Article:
The outcome of the U.S election 2020 has generated much debate on whether this could be a contested election. Donald Trump is yet to concede and Republicans are set to take allegations of electoral fraud into the supreme court. While many have voiced concerns that the scrutiny will undermine faith in the electoral process, it certainly won’t be the first time that a US election is settled in court. 

Four US elections in 1876, 1888, 1960 and 2000 produced contentious results and brought about some tangible changes to the electoral process. 

Tilden vs Hayes, 1876 

hayes 327x450 1

The 1876 election proved to be a highly controversial one. Just 11 years after the Civil war, the election held on November 7 was dominated by accusations of intimidation against African American voters in the South. 

Three of the Southern states; Florida, Louisiana and South Carolina seemed to have given the Democratic candidate Samuel Tilden a majority. However, the election boards in all three states found concrete evidence of intimidation and invalidated enough votes to declare Republican nominee Rutherford B. Hayes victorious. 

Hayes went on to win a 185-184 electoral college majority and a compromise was reached in 1877 to ensure a peaceful transition of power. 

Republicans agreed to end “Reconstruction” in return for a Hayes presidency. 

Harrison vs Cleveland, 1888

Grover Cleveland vs. Benjamin Harrison 1 450x270 1

Allegations of bribery were at the forefront of the 25th US election between Democratic President Grover Cleveland and Republican Senator Benjamin Harrison. 

The cause of controversy was a leaked letter allegedly sent by William Dudley, treasurer of the Republican National Committee to local Republican leaders in Indiana. The letter included instructions to divide voters into “blocks of five” to receive bribes in exchange for voting Republican. 

Harrison ended up winning the election even without the Indiana electoral college votes however, Cleveland won the popular vote by almost 100,000 votes. Cleveland did not actually contest the outcome but the blocks-of-five scandal led to adoption of secret ballots for future elections.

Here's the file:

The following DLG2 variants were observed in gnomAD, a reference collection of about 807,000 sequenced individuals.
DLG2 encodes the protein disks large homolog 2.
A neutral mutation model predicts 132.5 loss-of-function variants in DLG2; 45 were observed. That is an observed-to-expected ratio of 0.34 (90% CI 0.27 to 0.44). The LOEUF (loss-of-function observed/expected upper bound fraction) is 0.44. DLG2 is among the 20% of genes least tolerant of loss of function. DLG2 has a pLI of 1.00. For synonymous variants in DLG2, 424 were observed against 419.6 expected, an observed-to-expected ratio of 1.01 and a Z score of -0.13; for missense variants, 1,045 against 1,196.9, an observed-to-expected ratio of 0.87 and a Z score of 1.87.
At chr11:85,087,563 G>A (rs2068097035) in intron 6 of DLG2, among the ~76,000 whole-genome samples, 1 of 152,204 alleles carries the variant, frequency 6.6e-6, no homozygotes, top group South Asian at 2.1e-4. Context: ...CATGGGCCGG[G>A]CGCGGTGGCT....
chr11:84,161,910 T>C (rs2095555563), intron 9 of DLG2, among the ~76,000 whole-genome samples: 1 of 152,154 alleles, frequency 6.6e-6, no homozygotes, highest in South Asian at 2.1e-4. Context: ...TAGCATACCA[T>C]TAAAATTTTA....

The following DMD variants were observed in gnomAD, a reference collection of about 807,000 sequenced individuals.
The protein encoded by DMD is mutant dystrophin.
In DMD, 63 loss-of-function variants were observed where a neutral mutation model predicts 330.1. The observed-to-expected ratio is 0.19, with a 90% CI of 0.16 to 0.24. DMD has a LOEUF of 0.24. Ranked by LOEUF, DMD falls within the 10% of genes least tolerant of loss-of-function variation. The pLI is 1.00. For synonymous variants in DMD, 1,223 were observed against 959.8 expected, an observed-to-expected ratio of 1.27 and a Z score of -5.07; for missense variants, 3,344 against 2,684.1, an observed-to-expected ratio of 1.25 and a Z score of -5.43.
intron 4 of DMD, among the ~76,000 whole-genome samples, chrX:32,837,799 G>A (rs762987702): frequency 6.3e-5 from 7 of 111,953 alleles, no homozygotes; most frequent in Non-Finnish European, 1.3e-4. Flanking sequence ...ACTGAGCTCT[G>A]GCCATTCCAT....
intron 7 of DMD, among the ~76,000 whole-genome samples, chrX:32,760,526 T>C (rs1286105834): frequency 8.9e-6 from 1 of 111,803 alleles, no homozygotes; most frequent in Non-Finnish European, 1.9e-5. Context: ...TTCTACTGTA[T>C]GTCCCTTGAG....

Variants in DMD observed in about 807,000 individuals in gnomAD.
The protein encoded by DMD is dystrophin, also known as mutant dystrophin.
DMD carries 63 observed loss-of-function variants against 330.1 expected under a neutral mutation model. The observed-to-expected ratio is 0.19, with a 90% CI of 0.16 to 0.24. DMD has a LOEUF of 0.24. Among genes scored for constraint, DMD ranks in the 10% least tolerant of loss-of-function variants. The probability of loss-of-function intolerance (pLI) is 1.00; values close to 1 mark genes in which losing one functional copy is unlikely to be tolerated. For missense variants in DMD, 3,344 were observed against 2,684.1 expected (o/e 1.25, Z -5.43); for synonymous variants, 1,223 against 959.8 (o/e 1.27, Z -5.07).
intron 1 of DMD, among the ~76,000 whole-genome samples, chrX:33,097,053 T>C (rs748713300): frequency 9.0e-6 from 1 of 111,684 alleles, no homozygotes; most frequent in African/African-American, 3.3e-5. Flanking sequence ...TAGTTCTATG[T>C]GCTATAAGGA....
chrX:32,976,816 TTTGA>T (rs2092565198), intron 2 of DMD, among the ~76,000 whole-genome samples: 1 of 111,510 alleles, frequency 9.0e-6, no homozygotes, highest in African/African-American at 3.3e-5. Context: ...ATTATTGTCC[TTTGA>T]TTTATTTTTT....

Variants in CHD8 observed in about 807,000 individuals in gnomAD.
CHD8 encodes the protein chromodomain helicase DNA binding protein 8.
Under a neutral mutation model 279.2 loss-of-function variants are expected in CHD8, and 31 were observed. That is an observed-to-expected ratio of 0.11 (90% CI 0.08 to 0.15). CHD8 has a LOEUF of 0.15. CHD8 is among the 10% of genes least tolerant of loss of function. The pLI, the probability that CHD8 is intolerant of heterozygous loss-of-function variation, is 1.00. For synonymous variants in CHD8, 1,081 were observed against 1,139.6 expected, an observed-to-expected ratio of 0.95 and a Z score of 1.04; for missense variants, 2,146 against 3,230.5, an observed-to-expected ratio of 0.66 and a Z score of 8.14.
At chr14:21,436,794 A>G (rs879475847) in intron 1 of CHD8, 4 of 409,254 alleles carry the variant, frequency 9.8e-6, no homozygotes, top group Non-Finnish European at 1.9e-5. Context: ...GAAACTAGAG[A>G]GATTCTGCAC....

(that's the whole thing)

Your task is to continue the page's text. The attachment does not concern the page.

Nixon vs Kennedy, 1960

hqdefault 450x338 1

One of the closest elections in US history was decided by just 0.2 percent difference. Kennedy won five states, Missouri, Illinois, New Jersey, Hawaii and Texas, by less than 1 percent. 

The incredibly close results led to accusations of foul play from the Republican party. At the heart of the allegations was the Chicago political machine led by Mayor Richard Daley. It was claimed that the autocratic power of The Political Machine was unethical and led to public corruption. Republicans tried and failed to overturn the results in both Illinois and Texas at the time, as well as in nine other states. 

After three days of uncertainty, Nixon finally conceded despite being urged by the campaign staff to pursue recounts.  


Bush vs Algore, 2000

optnsteinfeedsdropboxphotoinD BushGore.optimized 450x329 1

George W. Bush won the disputed election  by just five electoral votes. However, the result could have been easily overturned had the Supreme Court upheld a Florida Supreme Court decision to initiate recounts by hand. 

The center of controversy was the Punch Card Ballot System. An allegedly 70,000 ballots in Florida had registered no vote for the President on the punch cards readers. Gore went to court to get those ballots recounted by hand but the Supreme Court dismissed his case citing that the deadline for states to choose electors was close and there was no time to initiate recounts. 

Gore officially conceded the next day.

The outstanding circumstances in which the 2020 election played out gives a window to the Republican lawmakers to challenge the results. Changes to voting procedures, extended voting deadlines, higher ratio of early voting and mail-in ballots may provide enough reasons for this election to be settled in Court.